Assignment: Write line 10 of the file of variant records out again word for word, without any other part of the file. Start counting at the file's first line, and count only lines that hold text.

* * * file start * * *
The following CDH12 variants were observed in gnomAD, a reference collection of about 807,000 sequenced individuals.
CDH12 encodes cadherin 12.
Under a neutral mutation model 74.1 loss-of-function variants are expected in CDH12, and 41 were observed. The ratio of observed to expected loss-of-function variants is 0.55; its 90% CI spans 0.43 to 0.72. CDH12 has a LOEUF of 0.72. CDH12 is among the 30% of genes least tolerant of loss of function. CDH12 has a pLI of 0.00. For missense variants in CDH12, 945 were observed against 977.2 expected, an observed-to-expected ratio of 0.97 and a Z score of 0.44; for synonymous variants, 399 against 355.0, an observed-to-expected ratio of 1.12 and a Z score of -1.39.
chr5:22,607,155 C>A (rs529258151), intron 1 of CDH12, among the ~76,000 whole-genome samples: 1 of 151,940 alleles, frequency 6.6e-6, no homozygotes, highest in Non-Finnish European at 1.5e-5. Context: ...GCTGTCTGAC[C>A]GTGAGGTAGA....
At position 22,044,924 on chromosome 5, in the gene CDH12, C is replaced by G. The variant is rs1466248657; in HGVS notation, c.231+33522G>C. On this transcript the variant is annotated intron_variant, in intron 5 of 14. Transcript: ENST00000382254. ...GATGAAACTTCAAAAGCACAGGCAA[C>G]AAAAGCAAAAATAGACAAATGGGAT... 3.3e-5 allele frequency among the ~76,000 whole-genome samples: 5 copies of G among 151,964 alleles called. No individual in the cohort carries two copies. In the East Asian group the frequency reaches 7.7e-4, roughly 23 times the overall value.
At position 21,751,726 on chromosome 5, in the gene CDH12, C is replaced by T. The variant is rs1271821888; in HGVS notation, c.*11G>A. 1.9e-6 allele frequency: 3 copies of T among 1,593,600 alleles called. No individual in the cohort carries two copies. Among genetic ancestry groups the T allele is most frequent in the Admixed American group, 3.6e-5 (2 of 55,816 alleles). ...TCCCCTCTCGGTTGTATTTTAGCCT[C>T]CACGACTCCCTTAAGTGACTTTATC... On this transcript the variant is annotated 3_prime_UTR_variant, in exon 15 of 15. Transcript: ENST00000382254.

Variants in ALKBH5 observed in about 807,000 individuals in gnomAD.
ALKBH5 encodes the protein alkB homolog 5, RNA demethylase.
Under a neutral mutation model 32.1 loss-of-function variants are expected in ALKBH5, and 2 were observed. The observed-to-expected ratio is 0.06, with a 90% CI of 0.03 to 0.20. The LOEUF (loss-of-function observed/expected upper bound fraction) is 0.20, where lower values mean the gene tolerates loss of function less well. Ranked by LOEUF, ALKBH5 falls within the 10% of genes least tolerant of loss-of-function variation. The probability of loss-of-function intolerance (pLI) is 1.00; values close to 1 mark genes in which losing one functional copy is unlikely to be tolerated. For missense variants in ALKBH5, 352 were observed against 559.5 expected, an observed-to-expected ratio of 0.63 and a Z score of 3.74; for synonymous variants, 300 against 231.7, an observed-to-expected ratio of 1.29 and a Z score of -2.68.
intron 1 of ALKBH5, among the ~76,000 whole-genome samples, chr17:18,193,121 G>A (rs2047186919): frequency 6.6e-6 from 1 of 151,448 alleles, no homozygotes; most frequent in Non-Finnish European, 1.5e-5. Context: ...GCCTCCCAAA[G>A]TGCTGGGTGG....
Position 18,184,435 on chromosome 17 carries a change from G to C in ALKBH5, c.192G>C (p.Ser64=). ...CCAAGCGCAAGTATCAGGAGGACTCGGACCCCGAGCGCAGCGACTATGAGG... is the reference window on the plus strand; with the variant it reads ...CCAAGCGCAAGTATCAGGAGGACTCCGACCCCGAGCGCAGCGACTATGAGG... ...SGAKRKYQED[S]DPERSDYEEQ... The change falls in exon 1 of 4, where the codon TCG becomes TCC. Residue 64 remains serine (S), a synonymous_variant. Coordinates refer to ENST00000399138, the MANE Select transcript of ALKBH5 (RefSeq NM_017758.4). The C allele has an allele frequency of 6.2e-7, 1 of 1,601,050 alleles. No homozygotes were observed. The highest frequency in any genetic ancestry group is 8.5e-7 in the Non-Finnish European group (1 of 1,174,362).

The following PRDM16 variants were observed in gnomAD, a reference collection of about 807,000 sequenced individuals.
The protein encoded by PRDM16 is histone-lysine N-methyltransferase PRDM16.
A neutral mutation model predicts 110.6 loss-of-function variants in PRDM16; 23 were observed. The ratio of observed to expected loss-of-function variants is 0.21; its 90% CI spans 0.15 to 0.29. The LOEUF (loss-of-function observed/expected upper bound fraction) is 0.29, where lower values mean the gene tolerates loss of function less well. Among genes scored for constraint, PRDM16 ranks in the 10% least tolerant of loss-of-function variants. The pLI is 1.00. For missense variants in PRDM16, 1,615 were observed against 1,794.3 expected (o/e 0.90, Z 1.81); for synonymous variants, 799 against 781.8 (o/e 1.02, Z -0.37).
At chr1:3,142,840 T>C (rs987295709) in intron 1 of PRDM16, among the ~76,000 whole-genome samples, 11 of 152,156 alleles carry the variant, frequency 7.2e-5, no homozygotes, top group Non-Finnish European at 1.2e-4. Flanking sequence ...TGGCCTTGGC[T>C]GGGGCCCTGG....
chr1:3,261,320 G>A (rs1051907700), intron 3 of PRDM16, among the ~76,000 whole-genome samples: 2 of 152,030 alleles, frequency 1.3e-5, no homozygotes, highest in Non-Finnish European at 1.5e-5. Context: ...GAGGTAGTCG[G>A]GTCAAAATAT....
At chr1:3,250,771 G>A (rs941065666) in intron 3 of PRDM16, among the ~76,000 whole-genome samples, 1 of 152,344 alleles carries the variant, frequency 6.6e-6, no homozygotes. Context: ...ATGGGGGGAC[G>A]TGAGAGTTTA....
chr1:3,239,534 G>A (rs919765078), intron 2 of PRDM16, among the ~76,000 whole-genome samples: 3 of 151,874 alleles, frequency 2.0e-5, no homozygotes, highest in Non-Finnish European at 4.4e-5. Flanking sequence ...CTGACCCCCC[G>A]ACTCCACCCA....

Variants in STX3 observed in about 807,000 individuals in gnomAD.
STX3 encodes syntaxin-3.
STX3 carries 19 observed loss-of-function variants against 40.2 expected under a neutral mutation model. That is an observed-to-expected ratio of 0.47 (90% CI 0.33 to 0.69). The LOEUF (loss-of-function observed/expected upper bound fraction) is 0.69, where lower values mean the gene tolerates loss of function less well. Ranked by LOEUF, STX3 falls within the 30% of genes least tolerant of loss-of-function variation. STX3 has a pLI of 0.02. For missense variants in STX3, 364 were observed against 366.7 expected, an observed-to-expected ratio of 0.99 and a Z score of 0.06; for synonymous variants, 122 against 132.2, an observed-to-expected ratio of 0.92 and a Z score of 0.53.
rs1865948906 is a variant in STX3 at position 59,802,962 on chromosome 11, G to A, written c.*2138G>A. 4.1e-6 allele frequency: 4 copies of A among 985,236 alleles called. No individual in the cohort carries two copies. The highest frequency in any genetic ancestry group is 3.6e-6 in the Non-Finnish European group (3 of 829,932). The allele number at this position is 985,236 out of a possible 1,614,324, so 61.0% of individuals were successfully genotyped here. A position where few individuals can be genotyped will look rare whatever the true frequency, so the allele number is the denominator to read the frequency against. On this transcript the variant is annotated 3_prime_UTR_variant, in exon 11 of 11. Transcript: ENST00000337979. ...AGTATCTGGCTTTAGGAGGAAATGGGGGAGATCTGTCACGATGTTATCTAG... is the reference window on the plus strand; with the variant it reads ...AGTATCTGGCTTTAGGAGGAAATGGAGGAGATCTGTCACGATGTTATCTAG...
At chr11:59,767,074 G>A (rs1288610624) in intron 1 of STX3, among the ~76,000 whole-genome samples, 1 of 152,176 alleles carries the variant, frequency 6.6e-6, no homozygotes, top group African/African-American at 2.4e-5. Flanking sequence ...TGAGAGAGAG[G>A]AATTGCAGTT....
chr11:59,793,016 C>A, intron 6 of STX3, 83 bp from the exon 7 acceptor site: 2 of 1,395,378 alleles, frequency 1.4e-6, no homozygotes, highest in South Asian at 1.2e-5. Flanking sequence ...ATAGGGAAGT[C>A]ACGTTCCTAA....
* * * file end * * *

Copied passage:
intron 1 of ALKBH5, among the ~76,000 whole-genome samples, chr17:18,193,121 G>A (rs2047186919): frequency 6.6e-6 from 1 of 151,448 alleles, no homozygotes; most frequent in Non-Finnish European, 1.5e-5. Context: ...GCCTCCCAAA[G>A]TGCTGGGTGG....